ate school – an MBA program of sorts, specifically designed for bankers. More than 15,000 execu ves have completed the LSU program, which seeks to ins ll students with a broader understanding of banking func ons. Comple on of graduate banking school programs has become a requisite to professional advancement in many ins tu ons, and execu ves at both mul -billion-dollar financial ins tu ons and community banks have found that the curriculum at the Graduate School of Banking at LSU addresses their varied educa onal needs. LSU’s coursework provides knowledge in a range of banking areas, exper se that o en isn’t available in carrying out everyday responsibili es but is cri cal to understanding how the different parts of an ins tu on work in unison. Although a endance has remained stable at LSU in recent years, the number of students from South Carolina a ending has slipped during the past decade

by about 50 percent. This is unfortunate because while the South Carolina Bankers School offers an excellent educa on for those wan ng to get a solid understanding of financial services, LSU represents the next level of learning, one that can prove crucial for bankers being groomed for C-suite and other high-level posi ons. I encourage you to enlist rising stars within your bank who want to learn more about our profession. As all of you know, the financial services industry is growing increasingly complicated, and the knowledge required to understand how a bank operates expands annually. By sending bankers to the LSU Graduate School of Banking you’ll be making an investment in both your employees and your ins tu on. (Blake G. Taylor is chairman of the SCBA’s Young Bankers Division and a senior vice president at Southern First Bank.)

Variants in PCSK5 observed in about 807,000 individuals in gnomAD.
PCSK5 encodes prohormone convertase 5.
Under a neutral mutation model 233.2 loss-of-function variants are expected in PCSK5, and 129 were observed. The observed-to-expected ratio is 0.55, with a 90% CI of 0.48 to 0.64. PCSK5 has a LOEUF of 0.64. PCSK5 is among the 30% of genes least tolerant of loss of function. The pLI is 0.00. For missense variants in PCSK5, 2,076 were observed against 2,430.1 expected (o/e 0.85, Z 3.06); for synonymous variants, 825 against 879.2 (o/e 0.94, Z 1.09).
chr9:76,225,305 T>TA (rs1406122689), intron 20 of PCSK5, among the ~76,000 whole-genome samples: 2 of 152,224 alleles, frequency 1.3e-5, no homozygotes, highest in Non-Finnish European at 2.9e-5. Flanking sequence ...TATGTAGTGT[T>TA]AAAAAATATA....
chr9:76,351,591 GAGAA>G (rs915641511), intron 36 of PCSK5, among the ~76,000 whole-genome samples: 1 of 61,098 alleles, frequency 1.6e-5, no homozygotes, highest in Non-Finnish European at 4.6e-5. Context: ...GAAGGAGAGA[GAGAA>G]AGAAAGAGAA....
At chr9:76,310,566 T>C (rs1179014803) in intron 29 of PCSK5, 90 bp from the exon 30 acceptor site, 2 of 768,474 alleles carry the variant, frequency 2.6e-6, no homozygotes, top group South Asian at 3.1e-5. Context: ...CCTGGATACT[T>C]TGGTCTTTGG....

Spring 2017 I Palme o Banker

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Welcome New Associate Members Acumen IT 1 Distribu on Ct. Greer, SC 29650 Contact: W. David Pence Phone: 864.271.9000 Website: www.acumenit.com Email: david.pence@acumenit.com Acumen IT specializes in helping companies automate and integrate business processes and technology to streamline opera ons, work more efficiently, reduce costs and enable growth. Acumen IT’s goal is to help our clients “accelerate their business” by empowering their people to be more produc ve, work more efficiently, have access to the informa on they need to make informed business decisions, accomplish measurable results and take their business to the next level. Offering a unique combina on of industry-leading technology products and professional consul ng services, Acumen IT helps companies of all sizes address their most complex business challenges.